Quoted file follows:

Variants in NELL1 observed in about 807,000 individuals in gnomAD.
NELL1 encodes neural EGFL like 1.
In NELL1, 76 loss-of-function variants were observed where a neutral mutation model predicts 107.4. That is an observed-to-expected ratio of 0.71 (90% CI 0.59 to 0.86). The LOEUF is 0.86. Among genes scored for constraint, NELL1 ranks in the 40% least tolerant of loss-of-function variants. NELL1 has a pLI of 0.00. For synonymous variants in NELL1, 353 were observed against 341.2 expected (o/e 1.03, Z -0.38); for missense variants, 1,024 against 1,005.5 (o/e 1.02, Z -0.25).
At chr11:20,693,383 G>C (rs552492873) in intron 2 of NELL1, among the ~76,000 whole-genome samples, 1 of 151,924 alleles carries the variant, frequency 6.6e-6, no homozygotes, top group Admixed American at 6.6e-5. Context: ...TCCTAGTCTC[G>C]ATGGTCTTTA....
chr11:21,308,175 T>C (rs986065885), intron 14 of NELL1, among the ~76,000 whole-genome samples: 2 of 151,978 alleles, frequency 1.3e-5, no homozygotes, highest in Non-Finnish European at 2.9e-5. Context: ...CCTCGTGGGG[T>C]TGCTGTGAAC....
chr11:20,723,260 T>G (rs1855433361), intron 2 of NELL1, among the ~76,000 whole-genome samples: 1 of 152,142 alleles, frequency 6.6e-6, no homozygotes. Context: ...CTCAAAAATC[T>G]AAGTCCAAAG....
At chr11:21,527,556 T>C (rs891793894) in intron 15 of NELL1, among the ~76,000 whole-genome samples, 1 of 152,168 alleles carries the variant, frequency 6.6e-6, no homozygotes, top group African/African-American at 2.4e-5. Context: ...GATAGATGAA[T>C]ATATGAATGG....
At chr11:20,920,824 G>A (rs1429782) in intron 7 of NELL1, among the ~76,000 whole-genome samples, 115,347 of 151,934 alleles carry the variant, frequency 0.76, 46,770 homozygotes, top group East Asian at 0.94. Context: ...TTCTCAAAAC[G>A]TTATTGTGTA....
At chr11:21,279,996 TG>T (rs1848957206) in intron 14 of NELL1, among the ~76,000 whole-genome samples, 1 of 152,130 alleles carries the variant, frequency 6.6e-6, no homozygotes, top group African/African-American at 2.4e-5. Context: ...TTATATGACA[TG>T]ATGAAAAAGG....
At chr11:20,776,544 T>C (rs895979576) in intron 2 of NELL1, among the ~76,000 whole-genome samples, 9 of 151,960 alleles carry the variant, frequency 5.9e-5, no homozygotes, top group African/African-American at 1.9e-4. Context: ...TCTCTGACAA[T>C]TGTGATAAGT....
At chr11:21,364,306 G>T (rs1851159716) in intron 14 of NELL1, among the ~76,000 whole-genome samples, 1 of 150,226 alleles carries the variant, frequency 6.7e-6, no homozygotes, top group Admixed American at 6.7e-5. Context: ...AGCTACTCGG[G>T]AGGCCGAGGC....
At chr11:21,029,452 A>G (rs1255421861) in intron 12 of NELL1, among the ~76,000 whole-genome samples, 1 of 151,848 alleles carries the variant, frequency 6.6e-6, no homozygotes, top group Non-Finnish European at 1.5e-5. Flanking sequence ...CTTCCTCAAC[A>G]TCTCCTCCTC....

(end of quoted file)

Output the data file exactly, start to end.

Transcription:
Variants in NELL1 observed in about 807,000 individuals in gnomAD.
NELL1 encodes neural EGFL like 1.
In NELL1, 76 loss-of-function variants were observed where a neutral mutation model predicts 107.4. That is an observed-to-expected ratio of 0.71 (90% CI 0.59 to 0.86). The LOEUF is 0.86. Among genes scored for constraint, NELL1 ranks in the 40% least tolerant of loss-of-function variants. NELL1 has a pLI of 0.00. For synonymous variants in NELL1, 353 were observed against 341.2 expected (o/e 1.03, Z -0.38); for missense variants, 1,024 against 1,005.5 (o/e 1.02, Z -0.25).
At chr11:20,693,383 G>C (rs552492873) in intron 2 of NELL1, among the ~76,000 whole-genome samples, 1 of 151,924 alleles carries the variant, frequency 6.6e-6, no homozygotes, top group Admixed American at 6.6e-5. Context: ...TCCTAGTCTC[G>C]ATGGTCTTTA....
chr11:21,308,175 T>C (rs986065885), intron 14 of NELL1, among the ~76,000 whole-genome samples: 2 of 151,978 alleles, frequency 1.3e-5, no homozygotes, highest in Non-Finnish European at 2.9e-5. Context: ...CCTCGTGGGG[T>C]TGCTGTGAAC....
chr11:20,723,260 T>G (rs1855433361), intron 2 of NELL1, among the ~76,000 whole-genome samples: 1 of 152,142 alleles, frequency 6.6e-6, no homozygotes. Context: ...CTCAAAAATC[T>G]AAGTCCAAAG....
At chr11:21,527,556 T>C (rs891793894) in intron 15 of NELL1, among the ~76,000 whole-genome samples, 1 of 152,168 alleles carries the variant, frequency 6.6e-6, no homozygotes, top group African/African-American at 2.4e-5. Context: ...GATAGATGAA[T>C]ATATGAATGG....
At chr11:20,920,824 G>A (rs1429782) in intron 7 of NELL1, among the ~76,000 whole-genome samples, 115,347 of 151,934 alleles carry the variant, frequency 0.76, 46,770 homozygotes, top group East Asian at 0.94. Context: ...TTCTCAAAAC[G>A]TTATTGTGTA....
At chr11:21,279,996 TG>T (rs1848957206) in intron 14 of NELL1, among the ~76,000 whole-genome samples, 1 of 152,130 alleles carries the variant, frequency 6.6e-6, no homozygotes, top group African/African-American at 2.4e-5. Context: ...TTATATGACA[TG>T]ATGAAAAAGG....
At chr11:20,776,544 T>C (rs895979576) in intron 2 of NELL1, among the ~76,000 whole-genome samples, 9 of 151,960 alleles carry the variant, frequency 5.9e-5, no homozygotes, top group African/African-American at 1.9e-4. Context: ...TCTCTGACAA[T>C]TGTGATAAGT....
At chr11:21,364,306 G>T (rs1851159716) in intron 14 of NELL1, among the ~76,000 whole-genome samples, 1 of 150,226 alleles carries the variant, frequency 6.7e-6, no homozygotes, top group Admixed American at 6.7e-5. Context: ...AGCTACTCGG[G>T]AGGCCGAGGC....
At chr11:21,029,452 A>G (rs1255421861) in intron 12 of NELL1, among the ~76,000 whole-genome samples, 1 of 151,848 alleles carries the variant, frequency 6.6e-6, no homozygotes, top group Non-Finnish European at 1.5e-5. Flanking sequence ...CTTCCTCAAC[A>G]TCTCCTCCTC....